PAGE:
The obvious response to this computation is simple: “lose some weight, you cow!” Indeed, you would be right, and I hope this realization will motivate me to lose some weight. Every pound I lose is one more pound of useful supplies or gear that I can carry. In fact, it is virtually certain that a disaster scenario would cause me to lose weight. Nevertheless, if I had to pick up my bug out bag today and walk 30 miles in three days, I would be hard pressed to do so with a total load out of much more than twenty pounds. Frankly, I do not believe my situation is all that unusual in the prepper community.

This weight limit greatly constrains what I include in my emergency bag. While a hatchet, a NATO trenching shovel, and a large, fixed blade bush-crafting knife would all be very useful, there is no way I could include all three without sacrificing in another and, likely, more critical area. While I might like to bring a SOCOM rifle, 300 rounds of .308 ammo, a Kimber 1911, and 200 rounds of .45 Auto, I may need to settle for a Kel Tec SU16C, four 30-round magazines of .223, a Ruger LC9, and two spare 9-round magazines. The basic principle is simple; if I attempt to carry more than I am capable of carrying on the day the SHTF, I will endanger my survival through a greatly increased risk of injury.

Three particular areas of BOB gear deserve special mention. First, there are countless articles and reviews about bag selection, including many recommendations utilizing military surplus gear. Contrary to popular opinion, military surplus bags are almost never a good choice for most preppers. While they are typically durable and easily blend in for discrete travel, they also typically have two serious flaws– they are heavy, and they lack adequate structure to transfer the weight to the hips.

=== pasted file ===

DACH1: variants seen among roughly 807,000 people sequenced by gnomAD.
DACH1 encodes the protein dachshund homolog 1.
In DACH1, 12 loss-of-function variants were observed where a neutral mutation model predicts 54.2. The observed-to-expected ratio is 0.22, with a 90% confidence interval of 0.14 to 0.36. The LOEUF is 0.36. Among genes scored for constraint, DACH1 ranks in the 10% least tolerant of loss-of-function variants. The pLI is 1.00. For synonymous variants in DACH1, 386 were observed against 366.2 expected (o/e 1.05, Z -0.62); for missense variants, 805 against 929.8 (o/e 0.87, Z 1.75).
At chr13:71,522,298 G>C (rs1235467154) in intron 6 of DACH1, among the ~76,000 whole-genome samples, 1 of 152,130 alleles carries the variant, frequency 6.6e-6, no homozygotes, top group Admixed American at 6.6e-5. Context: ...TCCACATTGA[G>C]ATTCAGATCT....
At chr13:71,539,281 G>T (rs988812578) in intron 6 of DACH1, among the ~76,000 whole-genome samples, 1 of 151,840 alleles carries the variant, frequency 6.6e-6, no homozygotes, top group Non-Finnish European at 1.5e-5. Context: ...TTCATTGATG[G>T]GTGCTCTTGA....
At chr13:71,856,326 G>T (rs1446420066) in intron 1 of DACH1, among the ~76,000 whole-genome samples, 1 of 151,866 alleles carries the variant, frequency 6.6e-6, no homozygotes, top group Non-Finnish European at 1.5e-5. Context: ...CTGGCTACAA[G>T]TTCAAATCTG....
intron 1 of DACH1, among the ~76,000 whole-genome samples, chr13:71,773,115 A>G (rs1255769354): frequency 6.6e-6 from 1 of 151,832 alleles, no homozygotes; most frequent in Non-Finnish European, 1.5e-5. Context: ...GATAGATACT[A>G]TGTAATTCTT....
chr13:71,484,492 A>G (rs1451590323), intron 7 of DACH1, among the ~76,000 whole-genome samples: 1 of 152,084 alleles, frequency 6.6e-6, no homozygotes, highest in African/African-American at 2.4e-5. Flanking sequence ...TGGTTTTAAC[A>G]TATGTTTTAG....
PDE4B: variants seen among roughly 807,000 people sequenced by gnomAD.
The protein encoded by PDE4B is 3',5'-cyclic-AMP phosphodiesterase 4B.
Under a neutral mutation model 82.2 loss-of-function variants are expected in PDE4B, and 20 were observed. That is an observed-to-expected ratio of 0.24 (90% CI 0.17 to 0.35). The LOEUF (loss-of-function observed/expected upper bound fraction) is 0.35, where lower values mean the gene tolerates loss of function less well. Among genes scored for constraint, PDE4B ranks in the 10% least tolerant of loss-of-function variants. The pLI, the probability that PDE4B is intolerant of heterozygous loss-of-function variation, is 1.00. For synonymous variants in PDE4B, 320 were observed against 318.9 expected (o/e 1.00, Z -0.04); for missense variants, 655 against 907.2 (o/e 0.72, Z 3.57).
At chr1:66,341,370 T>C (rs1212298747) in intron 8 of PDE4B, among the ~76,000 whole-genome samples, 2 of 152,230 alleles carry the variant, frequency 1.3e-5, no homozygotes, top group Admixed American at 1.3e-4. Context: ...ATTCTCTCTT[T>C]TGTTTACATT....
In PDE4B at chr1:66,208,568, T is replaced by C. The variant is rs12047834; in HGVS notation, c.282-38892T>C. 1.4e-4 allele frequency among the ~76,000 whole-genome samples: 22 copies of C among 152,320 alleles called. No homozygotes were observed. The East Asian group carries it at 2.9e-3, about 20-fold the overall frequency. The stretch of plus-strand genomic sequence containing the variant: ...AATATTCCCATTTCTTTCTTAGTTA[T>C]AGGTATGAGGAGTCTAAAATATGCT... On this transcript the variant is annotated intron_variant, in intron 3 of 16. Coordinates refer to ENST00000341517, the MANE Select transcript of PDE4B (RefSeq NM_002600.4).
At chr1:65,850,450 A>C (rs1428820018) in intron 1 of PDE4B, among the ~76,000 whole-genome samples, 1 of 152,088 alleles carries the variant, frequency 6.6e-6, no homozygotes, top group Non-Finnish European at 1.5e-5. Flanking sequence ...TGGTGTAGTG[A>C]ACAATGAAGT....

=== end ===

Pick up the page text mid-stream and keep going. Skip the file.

Experienced backpackers quickly learn that it is vital to carry the pack weight on the hips and not on the shoulders. Thirty pounds suspended from your shoulders will become very painful in a short time. Many military and military-style packs include a flimsy belt or, worse still, no hip suspension. Furthermore, military and military-style packs are HEAVY. The pack material is durable but heavy, and the variety of pouches, pockets, and straps, while useful for organization, add still more weight. Indeed, the most important specification of a pack intended for long distance hiking is the weight, but many military packs omit this detail entirely. A military ruck sack is typically 5-6 pounds, while a full-size pack can easily be 8 pounds, and it is very difficult to keep the total load under 20 pounds (or 25 pounds or 30 pounds) when the pack accounts for such a large proportion of the total allowable weight.

By contrast, I purchased a Mountainsmith Ghost model pack in 2003. It is a medium size pack, holding 3000 cubic inches (about 50 liters) and comfortably carrying up to 30 pounds (thanks to an excellent internal frame and very comfortable waist strap/pad) while utilizing a very durable nylon material, yet the pack weighs just 2 lbs 6 ounces. This is accomplished by a very simple bag design with a minimum of organizing options– two mesh water-bottle pockets and a very small zip bag in addition to the large main pack. While this pack is no longer made (the present Mountainsmith Ghost 50 weighs 4 pounds), it provides a blueprint for a more practical backpack for load weight conscious preppers.